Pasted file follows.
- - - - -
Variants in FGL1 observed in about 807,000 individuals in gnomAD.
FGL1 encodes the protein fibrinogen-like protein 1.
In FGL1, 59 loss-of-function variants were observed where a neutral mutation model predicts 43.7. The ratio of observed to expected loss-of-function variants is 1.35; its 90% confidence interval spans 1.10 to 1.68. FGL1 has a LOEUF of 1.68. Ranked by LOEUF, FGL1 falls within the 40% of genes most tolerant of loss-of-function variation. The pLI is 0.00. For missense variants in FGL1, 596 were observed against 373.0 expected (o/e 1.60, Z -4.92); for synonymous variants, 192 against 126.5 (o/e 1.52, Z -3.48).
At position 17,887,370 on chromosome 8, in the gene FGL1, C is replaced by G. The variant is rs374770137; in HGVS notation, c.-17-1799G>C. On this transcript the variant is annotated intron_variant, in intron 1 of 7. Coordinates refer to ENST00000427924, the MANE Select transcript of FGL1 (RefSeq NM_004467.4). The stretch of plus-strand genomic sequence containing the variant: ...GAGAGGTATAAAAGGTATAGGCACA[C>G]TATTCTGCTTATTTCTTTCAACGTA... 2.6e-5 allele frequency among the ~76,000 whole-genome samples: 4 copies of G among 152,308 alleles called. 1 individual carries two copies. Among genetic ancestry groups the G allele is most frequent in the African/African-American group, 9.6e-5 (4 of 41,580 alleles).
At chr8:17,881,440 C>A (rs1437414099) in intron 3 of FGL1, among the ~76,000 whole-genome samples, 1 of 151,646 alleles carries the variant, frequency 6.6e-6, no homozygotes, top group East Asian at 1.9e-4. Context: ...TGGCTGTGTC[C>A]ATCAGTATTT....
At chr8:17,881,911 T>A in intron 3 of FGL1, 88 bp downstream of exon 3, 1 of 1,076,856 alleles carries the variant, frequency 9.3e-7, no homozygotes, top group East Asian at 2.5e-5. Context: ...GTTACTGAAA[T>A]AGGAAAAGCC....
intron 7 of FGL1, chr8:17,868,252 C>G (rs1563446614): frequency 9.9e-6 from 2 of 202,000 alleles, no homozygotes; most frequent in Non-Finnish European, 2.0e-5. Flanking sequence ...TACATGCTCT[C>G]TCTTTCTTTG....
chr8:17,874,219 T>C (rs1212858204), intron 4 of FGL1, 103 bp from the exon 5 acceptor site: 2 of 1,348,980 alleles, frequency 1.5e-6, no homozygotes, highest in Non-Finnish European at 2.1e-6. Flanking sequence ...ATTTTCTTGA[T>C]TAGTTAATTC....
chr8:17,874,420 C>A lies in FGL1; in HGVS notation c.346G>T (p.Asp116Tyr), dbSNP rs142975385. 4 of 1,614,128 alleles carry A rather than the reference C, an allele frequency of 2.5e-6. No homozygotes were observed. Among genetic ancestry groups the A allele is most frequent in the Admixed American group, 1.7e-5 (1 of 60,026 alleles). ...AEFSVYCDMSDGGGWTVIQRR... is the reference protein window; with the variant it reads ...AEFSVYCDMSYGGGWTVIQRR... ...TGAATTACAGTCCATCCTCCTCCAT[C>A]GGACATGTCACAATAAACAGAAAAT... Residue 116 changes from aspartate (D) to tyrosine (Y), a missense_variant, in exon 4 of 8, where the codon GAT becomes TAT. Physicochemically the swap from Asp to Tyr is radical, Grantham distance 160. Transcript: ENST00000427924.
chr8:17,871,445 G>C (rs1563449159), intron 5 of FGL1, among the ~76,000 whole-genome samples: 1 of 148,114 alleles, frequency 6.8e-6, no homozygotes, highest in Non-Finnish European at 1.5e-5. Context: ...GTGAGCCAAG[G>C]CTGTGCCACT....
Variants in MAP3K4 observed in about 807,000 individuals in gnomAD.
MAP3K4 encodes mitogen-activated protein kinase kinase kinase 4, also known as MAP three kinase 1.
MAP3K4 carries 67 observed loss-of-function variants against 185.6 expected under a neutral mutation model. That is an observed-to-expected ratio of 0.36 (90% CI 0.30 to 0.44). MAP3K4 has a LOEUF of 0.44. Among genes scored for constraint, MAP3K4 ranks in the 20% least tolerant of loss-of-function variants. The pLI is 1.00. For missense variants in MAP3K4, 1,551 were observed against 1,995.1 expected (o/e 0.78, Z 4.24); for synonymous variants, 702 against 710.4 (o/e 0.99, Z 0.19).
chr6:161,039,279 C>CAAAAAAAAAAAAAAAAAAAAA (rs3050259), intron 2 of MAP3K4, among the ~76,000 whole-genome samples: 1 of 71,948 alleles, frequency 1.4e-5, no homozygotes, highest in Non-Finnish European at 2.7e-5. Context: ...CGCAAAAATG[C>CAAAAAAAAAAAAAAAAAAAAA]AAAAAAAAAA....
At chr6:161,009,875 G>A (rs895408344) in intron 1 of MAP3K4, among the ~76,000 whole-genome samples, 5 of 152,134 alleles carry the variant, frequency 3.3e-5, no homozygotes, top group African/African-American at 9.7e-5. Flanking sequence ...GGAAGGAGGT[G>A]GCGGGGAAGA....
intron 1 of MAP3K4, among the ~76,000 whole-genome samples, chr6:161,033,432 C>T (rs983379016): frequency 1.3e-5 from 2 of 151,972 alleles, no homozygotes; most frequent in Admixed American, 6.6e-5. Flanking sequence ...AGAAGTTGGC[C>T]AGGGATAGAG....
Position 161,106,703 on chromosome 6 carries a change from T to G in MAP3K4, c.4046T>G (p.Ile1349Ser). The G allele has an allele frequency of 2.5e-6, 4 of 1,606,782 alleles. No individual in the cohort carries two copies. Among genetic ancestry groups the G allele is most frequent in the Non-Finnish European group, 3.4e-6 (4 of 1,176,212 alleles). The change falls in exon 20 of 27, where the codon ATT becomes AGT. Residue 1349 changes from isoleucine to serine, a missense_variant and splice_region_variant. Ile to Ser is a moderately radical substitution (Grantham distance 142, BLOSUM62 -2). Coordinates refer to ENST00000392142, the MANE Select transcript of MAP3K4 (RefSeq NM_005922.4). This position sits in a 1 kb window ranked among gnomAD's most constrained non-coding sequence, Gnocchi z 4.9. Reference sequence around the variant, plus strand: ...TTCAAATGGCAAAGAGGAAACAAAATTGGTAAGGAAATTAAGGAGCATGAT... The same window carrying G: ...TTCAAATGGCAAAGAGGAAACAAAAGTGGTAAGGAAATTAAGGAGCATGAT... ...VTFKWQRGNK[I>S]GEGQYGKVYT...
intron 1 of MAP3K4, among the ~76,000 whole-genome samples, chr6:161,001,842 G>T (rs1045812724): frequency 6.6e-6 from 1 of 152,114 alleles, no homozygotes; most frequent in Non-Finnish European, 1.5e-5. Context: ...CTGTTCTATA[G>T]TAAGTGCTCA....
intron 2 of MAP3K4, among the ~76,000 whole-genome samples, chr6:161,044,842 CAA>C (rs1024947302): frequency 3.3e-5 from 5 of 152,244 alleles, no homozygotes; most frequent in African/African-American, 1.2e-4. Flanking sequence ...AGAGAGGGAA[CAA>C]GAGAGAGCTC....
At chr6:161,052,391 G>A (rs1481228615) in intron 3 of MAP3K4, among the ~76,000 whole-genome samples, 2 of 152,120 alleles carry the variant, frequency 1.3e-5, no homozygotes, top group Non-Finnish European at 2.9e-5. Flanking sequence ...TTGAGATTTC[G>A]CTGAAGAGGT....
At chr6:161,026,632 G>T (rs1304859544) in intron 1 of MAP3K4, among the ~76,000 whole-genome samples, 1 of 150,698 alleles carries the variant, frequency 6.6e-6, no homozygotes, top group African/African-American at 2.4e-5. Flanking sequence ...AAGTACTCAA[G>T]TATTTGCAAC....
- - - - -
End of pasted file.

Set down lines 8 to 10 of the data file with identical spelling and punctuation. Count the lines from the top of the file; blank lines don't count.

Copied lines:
chr8:17,874,219 T>C (rs1212858204), intron 4 of FGL1, 103 bp from the exon 5 acceptor site: 2 of 1,348,980 alleles, frequency 1.5e-6, no homozygotes, highest in Non-Finnish European at 2.1e-6. Flanking sequence ...ATTTTCTTGA[T>C]TAGTTAATTC....
chr8:17,874,420 C>A lies in FGL1; in HGVS notation c.346G>T (p.Asp116Tyr), dbSNP rs142975385. 4 of 1,614,128 alleles carry A rather than the reference C, an allele frequency of 2.5e-6. No homozygotes were observed. Among genetic ancestry groups the A allele is most frequent in the Admixed American group, 1.7e-5 (1 of 60,026 alleles). ...AEFSVYCDMSDGGGWTVIQRR... is the reference protein window; with the variant it reads ...AEFSVYCDMSYGGGWTVIQRR... ...TGAATTACAGTCCATCCTCCTCCAT[C>A]GGACATGTCACAATAAACAGAAAAT... Residue 116 changes from aspartate (D) to tyrosine (Y), a missense_variant, in exon 4 of 8, where the codon GAT becomes TAT. Physicochemically the swap from Asp to Tyr is radical, Grantham distance 160. Transcript: ENST00000427924.
chr8:17,871,445 G>C (rs1563449159), intron 5 of FGL1, among the ~76,000 whole-genome samples: 1 of 148,114 alleles, frequency 6.8e-6, no homozygotes, highest in Non-Finnish European at 1.5e-5. Context: ...GTGAGCCAAG[G>C]CTGTGCCACT....